We cover a lot of ground in this episode, which moves us from May of 2010 up through Election Night of the mid-term elections. As we begin, Will is delivering a nice monologue about having allowed his broadcast to be controlled by ratings in the past. Don’t worry, he realizes how shitty those broadcasts were so now he’s promising to do better.
Mac and Charlie work together to nudge Will in the right direction of what he should be covering and it is a thing of beauty. They seem to work really cohesively. Regardless, Charlie gets taken to task by his superiors at ACN. They are not happy with Will’s new direction for News Night. He’s reporting facts, but audiences are perceiving that as being left-wing, so they’re losing viewers, ergo money. Unless Will can stop heckling the Tea Partiers and include some human interests pieces in his broadcasts, Jane Fonda will fire him.
I have to say, I really thought the show found a good balance between news coverage and creating the news this week. Of course this show wouldn’t work without inter-personal relationships, but, as with News Night, the news sections can be more interesting to viewers than human interest pieces.
That being said, why can’t Maggie have the confidence in her relationship with Don that she has when they’re pitching news stories in the meeting room? She seems to do just fine when dealing with Jim, though. They even have a nice moment where she freaks out in the meeting room (for a second I really thought she was drunk). It turns out her roommate’s flings have been stealing her Xanax. She’s mid-panic attack and Jim finds her to talk her out of it. He knows what to do because a lot of guys he was embedded with would get them. Excuse me while I wipe up my drool. Jim can talk about his time embedded as much as he wants and I’ll never be bored.
Despite Maggie being a little shit to Jim (when isn’t she?), she clearly has a crush on the guy. Her roommate was on the phone the entire time Jim was talking her off the metaphorical ledge. Who wants to bet he was part of the reason it took Maggie and Don so long to get back together during that particular break-up?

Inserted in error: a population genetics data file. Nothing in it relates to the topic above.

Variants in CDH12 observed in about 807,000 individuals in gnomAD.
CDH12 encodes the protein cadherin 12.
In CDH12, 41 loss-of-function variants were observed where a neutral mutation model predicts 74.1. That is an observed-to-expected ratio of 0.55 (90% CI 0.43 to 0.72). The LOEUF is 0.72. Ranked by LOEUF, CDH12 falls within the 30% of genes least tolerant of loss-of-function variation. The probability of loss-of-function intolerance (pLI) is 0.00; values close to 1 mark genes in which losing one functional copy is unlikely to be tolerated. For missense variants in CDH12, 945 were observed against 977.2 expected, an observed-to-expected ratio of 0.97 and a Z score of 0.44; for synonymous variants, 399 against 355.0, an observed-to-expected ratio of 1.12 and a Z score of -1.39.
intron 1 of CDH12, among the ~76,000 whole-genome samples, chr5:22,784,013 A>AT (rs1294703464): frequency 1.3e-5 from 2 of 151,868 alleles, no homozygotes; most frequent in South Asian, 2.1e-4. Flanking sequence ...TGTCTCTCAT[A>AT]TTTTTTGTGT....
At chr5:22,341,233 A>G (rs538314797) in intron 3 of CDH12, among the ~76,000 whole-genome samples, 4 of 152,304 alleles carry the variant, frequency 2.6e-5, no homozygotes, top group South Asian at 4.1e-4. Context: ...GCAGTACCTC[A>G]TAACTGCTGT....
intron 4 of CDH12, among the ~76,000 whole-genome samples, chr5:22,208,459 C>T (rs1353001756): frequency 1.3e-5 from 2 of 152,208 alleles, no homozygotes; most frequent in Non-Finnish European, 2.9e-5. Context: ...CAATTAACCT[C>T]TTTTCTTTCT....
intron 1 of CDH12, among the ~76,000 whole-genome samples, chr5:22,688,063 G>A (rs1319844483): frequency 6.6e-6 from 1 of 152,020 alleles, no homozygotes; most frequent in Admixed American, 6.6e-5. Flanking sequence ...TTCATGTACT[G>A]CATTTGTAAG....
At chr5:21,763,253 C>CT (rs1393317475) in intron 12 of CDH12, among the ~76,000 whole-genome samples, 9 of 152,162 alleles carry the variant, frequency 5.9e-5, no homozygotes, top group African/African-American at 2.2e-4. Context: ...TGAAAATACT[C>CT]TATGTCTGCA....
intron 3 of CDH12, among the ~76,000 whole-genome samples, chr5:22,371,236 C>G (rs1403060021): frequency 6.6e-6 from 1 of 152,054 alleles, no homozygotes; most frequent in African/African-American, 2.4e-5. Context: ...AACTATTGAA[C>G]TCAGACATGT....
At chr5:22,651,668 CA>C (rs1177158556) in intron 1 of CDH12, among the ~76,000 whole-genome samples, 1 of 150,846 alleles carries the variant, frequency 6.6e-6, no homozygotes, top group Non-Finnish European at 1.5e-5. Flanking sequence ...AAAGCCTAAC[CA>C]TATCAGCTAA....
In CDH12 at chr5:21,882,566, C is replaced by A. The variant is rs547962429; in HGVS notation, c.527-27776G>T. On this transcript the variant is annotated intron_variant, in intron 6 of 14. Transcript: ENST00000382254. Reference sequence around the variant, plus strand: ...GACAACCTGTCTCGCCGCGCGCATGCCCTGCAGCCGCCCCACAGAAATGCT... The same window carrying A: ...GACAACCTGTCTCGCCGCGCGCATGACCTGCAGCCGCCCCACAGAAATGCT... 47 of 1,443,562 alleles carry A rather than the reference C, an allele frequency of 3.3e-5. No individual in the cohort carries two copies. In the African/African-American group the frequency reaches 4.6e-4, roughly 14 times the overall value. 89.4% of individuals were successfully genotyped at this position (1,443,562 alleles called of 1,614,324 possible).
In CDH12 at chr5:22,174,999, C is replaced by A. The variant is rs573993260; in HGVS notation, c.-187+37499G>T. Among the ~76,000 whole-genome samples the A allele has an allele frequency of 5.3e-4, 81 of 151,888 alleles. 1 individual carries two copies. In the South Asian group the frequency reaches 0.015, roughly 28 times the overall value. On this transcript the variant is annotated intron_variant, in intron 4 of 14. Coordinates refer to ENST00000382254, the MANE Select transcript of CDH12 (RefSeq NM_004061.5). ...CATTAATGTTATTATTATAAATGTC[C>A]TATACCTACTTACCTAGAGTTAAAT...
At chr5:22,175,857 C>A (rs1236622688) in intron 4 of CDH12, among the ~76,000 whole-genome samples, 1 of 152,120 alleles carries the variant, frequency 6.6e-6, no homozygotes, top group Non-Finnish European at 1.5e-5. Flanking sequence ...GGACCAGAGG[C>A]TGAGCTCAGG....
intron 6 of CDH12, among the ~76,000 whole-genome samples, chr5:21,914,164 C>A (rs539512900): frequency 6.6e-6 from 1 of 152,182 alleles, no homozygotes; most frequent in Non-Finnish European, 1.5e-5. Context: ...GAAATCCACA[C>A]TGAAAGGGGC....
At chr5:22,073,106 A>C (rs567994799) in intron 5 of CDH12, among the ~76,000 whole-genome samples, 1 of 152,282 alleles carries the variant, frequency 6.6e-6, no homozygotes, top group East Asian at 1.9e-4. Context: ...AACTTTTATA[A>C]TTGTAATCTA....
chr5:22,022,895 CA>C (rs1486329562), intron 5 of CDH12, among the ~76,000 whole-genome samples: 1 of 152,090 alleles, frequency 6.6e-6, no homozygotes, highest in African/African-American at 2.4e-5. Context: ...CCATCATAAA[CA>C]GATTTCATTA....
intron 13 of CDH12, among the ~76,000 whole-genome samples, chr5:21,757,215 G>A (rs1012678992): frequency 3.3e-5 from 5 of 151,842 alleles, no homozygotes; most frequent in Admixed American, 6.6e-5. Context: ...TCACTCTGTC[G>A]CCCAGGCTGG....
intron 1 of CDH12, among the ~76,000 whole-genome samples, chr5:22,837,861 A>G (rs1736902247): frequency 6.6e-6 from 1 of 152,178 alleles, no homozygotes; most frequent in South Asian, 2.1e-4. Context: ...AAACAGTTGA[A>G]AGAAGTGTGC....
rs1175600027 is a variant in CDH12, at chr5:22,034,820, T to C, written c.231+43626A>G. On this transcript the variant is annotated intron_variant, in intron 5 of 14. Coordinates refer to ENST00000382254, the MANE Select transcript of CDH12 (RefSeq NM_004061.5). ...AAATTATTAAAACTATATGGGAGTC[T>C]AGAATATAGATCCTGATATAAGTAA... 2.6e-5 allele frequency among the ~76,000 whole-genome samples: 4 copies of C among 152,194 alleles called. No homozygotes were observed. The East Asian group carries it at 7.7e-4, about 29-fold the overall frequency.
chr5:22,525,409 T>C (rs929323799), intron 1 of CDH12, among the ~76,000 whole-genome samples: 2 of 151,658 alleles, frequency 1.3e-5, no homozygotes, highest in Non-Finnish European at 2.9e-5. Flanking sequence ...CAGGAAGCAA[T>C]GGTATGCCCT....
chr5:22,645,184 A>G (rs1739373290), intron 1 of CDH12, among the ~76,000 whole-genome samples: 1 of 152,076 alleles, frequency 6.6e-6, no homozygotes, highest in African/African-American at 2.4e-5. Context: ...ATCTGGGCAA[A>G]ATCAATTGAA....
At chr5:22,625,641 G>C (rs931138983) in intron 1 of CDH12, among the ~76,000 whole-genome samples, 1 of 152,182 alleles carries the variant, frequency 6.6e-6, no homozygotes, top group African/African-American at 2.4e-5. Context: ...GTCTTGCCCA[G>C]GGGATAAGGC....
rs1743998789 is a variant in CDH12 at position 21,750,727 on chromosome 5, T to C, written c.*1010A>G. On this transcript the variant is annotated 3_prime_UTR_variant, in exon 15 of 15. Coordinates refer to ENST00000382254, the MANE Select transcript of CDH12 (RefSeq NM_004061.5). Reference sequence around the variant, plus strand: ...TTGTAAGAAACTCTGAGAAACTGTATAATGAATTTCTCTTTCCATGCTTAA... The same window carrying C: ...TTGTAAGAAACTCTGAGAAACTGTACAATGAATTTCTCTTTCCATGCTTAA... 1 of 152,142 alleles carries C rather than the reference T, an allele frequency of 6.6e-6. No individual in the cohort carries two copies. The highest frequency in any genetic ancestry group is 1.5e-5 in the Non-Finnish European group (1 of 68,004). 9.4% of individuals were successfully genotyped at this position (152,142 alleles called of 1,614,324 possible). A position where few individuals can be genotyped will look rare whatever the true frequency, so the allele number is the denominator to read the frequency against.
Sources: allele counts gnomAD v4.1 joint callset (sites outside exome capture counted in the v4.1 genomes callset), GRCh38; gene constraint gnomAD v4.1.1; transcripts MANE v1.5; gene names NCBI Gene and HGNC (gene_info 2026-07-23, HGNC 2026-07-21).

Our other weekly dollop of office drama comes from, you guessed it, Mac and Will. Mac’s revved up to chew Will out in the workplace because he’s going out with a cheerleader. And a neurologist. And a hot blonde. Will admits he’s not doing it to hurt Mac, per se, he just isn’t taking her feelings into consideration. REalizing that makes him sound like the douchebag he is, he tries to be just a smidge more considerate. All bets are off, however, when Mac brings her boy-toy to the studio to see the Election Night set-up.
Elsewhere, Neal is continuing to steal my heart. (Sidenote: Let’s not kid, he’s had it as far back as series 1 of Skins.) “I just couldn’t be less interested in Wikileaks,” said Jim. Of course Neal makes fun of him because it’s a huge deal for journalists of our generation. Neal is doing well, show. I like him. Keep it up. And more cardigans, always.
Overall, I’d say that this episode was a solid step up from last week’s. I liked the balance of news to relationships. The camaraderie around the office is obviously developing nicely. That being said, I’m actually liking Olivia Munn. Maybe it’s because she’s a smart, well-spoken character? Maybe it’s because of her limited screen time? Whichever it is, good job, show. Let’s see Maggie and Mac enjoy a little of her poise, huh?
Well, what’d you think? Like it more or less than last week? Have a favorite character yet? What did you think of Will’s coverage of the Tea Party? Hit me up in the comments, I’d love to hear from you.